Schumer apologizes for his pointed remarks about Gorsuch and Kavanaugh

Senate Minority Leader Charles E. Schumer (D-N.Y.). on Capitol Hill on Jan. 31.
(Julio Cortez / Associated Press)

Senate Minority Leader Charles E. Schumer (D-N.Y.) apologized on Thursday for his impassioned comments about two Supreme Court justices, saying he “should not have used the words.”

Schumer derided Trump-appointed Justices Neil M. Gorsuch and Brett M. Kavanaugh on Wednesday as the Supreme Court heard arguments on a Louisiana law restricting abortion rights, saying they “will pay the price” if they side with the court’s conservatives on this case. “You won’t know what hit you if you go forward with these awful decisions,” he added.

Speaking on the Senate floor, Schumer said his words “didn’t come out the way I intended to.”

“My point was that there would be political consequences for President Trump and Senate Republicans if the Supreme Court, with the newly confirmed justices, stripped away a woman’s right to choose,” he said. He added: “I’m from Brooklyn. We speak in strong language.”

A clip of Schumer’s speech circulated on social media and was condemned by conservatives, including President Trump and Senate Majority Leader Mitch McConnell who on Thursday said the words “at the very best...were astonishingly reckless and irresponsible” and “clearly...dangerous.”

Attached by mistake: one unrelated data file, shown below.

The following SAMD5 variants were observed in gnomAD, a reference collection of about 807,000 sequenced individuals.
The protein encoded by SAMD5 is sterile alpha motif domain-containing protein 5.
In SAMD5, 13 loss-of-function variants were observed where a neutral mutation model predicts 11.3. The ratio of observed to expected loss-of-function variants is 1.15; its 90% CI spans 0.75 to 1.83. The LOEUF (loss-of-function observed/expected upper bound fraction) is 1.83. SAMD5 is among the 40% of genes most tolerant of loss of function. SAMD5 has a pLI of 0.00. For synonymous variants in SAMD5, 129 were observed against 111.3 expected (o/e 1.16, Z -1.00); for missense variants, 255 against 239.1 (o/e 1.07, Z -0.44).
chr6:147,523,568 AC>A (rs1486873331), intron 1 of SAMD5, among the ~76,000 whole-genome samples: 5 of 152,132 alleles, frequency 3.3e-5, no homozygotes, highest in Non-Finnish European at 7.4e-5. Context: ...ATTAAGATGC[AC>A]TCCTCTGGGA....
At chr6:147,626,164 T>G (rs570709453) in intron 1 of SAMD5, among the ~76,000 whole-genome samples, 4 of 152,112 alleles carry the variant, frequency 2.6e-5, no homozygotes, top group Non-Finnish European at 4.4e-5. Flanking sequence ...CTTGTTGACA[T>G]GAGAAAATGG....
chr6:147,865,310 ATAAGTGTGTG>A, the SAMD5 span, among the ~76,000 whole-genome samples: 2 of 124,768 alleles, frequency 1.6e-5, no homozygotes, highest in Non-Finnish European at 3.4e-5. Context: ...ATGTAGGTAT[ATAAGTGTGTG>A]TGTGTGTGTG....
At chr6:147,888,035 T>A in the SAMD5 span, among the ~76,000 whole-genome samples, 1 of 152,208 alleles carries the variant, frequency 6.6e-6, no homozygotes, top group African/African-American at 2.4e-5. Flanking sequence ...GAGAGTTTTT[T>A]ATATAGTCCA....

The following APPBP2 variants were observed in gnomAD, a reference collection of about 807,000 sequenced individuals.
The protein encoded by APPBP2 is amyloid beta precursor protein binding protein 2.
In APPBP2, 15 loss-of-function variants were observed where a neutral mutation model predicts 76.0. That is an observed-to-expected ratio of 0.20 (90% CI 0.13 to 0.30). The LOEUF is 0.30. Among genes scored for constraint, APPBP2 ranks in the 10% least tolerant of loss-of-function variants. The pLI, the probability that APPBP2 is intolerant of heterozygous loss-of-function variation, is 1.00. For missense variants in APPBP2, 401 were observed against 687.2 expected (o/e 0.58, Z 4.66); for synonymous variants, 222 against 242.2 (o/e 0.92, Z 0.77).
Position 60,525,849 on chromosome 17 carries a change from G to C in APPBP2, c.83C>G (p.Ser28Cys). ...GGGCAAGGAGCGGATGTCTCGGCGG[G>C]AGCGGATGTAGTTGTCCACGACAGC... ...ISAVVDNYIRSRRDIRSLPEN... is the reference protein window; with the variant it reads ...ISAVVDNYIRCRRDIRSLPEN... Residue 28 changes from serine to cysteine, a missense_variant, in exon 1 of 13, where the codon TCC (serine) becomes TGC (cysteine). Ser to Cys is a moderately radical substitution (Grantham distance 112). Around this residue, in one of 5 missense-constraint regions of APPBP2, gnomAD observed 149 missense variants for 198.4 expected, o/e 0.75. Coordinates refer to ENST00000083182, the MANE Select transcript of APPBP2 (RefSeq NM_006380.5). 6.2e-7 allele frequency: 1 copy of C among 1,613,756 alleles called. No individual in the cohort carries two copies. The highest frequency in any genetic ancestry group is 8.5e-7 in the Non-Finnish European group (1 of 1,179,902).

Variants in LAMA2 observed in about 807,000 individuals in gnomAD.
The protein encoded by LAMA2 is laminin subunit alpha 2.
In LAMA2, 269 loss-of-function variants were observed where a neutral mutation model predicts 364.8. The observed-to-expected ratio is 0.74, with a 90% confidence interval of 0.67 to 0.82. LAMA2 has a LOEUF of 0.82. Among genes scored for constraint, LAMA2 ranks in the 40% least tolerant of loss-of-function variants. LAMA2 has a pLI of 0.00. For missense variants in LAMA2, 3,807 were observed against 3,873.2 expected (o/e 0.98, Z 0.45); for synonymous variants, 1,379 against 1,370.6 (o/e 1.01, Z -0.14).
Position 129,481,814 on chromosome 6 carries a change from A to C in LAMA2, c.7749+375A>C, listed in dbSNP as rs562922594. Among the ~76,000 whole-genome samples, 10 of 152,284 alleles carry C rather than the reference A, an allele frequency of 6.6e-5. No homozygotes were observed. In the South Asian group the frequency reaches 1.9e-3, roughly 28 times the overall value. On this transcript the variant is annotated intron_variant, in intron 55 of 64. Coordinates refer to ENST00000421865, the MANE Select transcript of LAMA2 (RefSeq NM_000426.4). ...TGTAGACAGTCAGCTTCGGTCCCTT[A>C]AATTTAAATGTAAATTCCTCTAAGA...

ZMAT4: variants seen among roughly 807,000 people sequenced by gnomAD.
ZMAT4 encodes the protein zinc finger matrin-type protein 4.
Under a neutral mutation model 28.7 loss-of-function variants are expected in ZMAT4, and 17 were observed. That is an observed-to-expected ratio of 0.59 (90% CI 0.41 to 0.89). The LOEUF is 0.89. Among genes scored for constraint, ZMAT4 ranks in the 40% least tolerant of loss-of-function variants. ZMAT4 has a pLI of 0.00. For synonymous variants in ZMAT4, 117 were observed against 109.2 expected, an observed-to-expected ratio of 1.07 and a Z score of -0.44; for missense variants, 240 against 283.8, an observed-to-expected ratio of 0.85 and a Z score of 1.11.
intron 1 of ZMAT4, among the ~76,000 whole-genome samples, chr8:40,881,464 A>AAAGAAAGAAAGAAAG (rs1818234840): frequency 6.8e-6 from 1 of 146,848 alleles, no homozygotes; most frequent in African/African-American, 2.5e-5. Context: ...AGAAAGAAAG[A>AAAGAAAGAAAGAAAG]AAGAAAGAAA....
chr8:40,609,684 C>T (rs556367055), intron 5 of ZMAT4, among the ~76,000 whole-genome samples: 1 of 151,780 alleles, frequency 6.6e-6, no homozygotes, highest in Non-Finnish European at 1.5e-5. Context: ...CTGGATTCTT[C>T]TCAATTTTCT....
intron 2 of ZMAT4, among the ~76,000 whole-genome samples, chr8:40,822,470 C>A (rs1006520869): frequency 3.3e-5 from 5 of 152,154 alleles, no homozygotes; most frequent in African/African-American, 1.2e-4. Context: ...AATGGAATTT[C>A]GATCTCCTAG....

“It has almost been a century since the last time Democrats threatened to pack the Supreme Court because they wanted different rulings. History still judges that disgraceful episode to this day,” McConnell said. “So I would suggest that my Democratic colleagues spend less time trying to threaten impartial judges, and more time coming up with ideas that are actually constitutional.”

Chief Justice John G. Roberts Jr. issued a rare rebuke, saying Schumer’s comments were “not only inappropriate” but “dangerous.”

“All members of the court will continue to do their job, without fear or favor, from whatever quarter,” Roberts said.

During court arguments on Wednesday, justices focused their questions on how specifically the Louisiana law would affect women and clinics that perform the procedure.

“I feel so deeply the anger of women all across America about Senate Republicans and the courts working hand in glove to take down Roe v. Wade,” Schumer told his Senate colleagues. “Republican state legislatures are restricting a woman’s right to choose so severely as to make it nonexistent, and the courts are now likely to go along because Senate Republicans have confirmed nominees they believe will strip away women’s rights and fundamentally change this country.

“I didn’t intend to suggest anything other than political and public opinion consequences for the Supreme Court,” he said, “and it is a gross distortion to imply otherwise.”